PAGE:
Canada Quietly Loosening Drone Rules

Drone operators everywhere took note of Canada’s harsh new ‘interim’ drone regulations back in March that turned most of the country into a no-fly-zone.

The rules, introduced by former astronaut and Transport Minister Marc Garneau, were intended to better secure the airspace until consultation and development of a new set of regulations could be formulated later this year.

The ‘Interim Order’ that faciliates the temporary rules expires about every 2 weeks and is replaced with an indentical or similar order.  We’ve been tracking some of the evolving changes to the interim order that show some loosening of the restrictions for pilots.

No fly zones around Toronto with March rules tightening

Back in March 2017, the original order (which refers to drones as ‘model aircraft’) had the following restrictions:

A person must not operate a model aircraft

  1. at an altitude greater than 300 feet AGL;
  2. at a lateral distance of less than 250 feet (75m) from buildings, structures, vehicles, vessels, animals and the public including spectators, bystanders or any person not associated with the operation of the aircraft;
  3. within 9km of the centre of an aerodrome;
  4. within controlled airspace;
  5. within restricted airspace;
  6. over or within a forest fire area, or any area that is located within 9 km of a forest fire area;
  7. over or within the security perimeter of a police or first responder emergency operation site;
  8. over or within an open-air assembly of persons;
  9. at night; or
  10. in cloud.

Additional rules requiring operation within 500m or less Visual Line of Site (VLOS) at all times and that the drone owners contact info must be on the drone.

Since the original ‘Interim Order’, there have been 6 renewals of the order, but the rules within the order have remained unchanged until this month.


[turbo_widget widget-prefix=text&obj-class=WP_Widget_Text&widget-text–title=&widget-text–text=%3Ca+href%3D%22http%3A%2F%2Fclick.dji.com%2FAECfzjlyNneFq6zv9Kk%3Fpm%3Dad_image%22+target%3D_blank%3E%3Cimg+src%3D%22https%3A%2F%2Fu.djicdn.com%2Fuploads%2Fad_image_file%2Ffile%2F179%2F480x70.png%22%3E%3C%2Fa%3E&widget-text–filter=false]


The most recent renewal of the order has dropped or modified 3 provisions listed above. Items with a line through them have been either deleted or modified in the new Order.

A person must not operate a model aircraft

  1. at an altitude greater than 300 feet AGL;
  2. at a lateral distance of less than 250 feet (75m) from buildings, structures, vehicles, vessels, animals and the public including spectators, bystanders or any person not associated with the operation of the aircraft;Modified-see below
  3. within 9km of the centre of an aerodrome;Modified-see below
  4. within controlled airspace;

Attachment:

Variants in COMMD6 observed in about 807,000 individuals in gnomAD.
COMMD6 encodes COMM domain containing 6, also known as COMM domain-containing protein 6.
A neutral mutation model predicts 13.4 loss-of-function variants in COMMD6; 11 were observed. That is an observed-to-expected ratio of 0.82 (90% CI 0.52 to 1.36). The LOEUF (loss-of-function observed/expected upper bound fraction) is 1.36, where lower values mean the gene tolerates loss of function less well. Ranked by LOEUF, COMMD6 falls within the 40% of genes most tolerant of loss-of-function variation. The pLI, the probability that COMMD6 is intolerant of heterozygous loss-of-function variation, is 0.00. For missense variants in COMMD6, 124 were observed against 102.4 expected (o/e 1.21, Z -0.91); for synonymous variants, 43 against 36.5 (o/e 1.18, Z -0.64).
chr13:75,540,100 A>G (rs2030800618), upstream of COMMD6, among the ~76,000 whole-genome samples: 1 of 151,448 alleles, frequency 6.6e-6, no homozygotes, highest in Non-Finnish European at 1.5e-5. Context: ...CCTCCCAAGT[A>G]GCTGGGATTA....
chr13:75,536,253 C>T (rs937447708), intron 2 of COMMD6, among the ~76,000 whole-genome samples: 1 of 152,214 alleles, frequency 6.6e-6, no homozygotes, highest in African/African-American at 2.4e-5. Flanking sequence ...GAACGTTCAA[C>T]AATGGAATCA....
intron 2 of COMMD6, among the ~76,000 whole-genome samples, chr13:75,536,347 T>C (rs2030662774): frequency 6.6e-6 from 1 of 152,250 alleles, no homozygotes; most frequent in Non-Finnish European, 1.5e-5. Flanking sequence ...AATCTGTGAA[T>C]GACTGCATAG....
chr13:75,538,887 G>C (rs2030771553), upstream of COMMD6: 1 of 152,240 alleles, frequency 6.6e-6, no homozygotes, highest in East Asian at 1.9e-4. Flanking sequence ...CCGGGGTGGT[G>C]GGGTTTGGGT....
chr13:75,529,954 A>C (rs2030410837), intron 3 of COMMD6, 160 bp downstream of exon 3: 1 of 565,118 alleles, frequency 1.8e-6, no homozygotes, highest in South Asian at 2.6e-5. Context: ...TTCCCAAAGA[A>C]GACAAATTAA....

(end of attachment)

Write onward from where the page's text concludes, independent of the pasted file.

5. within restricted airspace;
  6. over or within a forest fire area, or any area that is located within 9 km of a forest fire area;Modified-see below
  7. over or within the security perimeter of a police or first responder emergency operation site;
  8. over or within an open-air assembly of persons;
  9. at night; or
  10. in cloud.

The first modified point, regarding lateral distances from buildings etc. has the most changes.  There is no longer any reference to ‘buildings, structures’ in point 2 of the Order, as Transport Canada now segregates distance based on aircraft weight.  Aircraft weighing between 250g and 1kg must maintain a lateral distance of at least 30m from vehicles, vessels or the public, including spectators bystanders or any person not associated with the operation of the aircraft.

DJI’s popular new Spark drone, which has a takeoff weight of 300g  and the Mavic Pro, with it’s takeoff weight of 734g are the only DJI products to enjoy the new reduced minimum distance rule.


[turbo_widget widget-prefix=text&obj-class=WP_Widget_Text&widget-text–title=&widget-text–text=%3Ca+href%3D%22http%3A%2F%2Fclick.dji.com%2FAAuv-PbbBrx8X9pdmSQN%3Fpm%3Dad_image%22+target%3D_blank%3E%3Cimg+src%3D%22https%3A%2F%2Fu.djicdn.com%2Fuploads%2Fad_image_file%2Ffile%2F504%2F468x60.jpg%22%3E%3C%2Fa%3E&widget-text–filter=false]


DJI’s larger drones like the Phantom Series, Inspire, and others all weigh greater than 1kg. For drones over 1kg but less than 35kg the minimum distance is still 75m.

Item 3 prohibiting flights within 9km of any aerodrome has been significantly relaxed.  Aerodromes that are exclusively used by helicopters are now protected by a reduced 1 nautical mile (1.8km) restriction.  While traditional aerodromes have reduced the no-fly-zone to 3 nautical miles (5.5km).

At my own home, situated in the middle of a 100 acre parcel, I was prohibited from flying on my property under the original order due to a hospital Helipad about 5 km away and a regional airport 8km away. Under the new Interim Order I’m good to fly on my own property.

Lastly, the language in point 6 regarding flights near forest fires has been modified to ‘over or within an area of natural hazard or disaster; or any area that is located within 9 km of an area of natural hazard or disaster.’

These changes are significant for Canadian drone pilots, due primarily to the relaxation of the areas around helipads and true airports.

Before flying we recommend you contact Transport Canada to confirm the most up to date version of the rules in force.

We’ll keep an eye on the evolving changes and keep you up to date.

%d bloggers like this: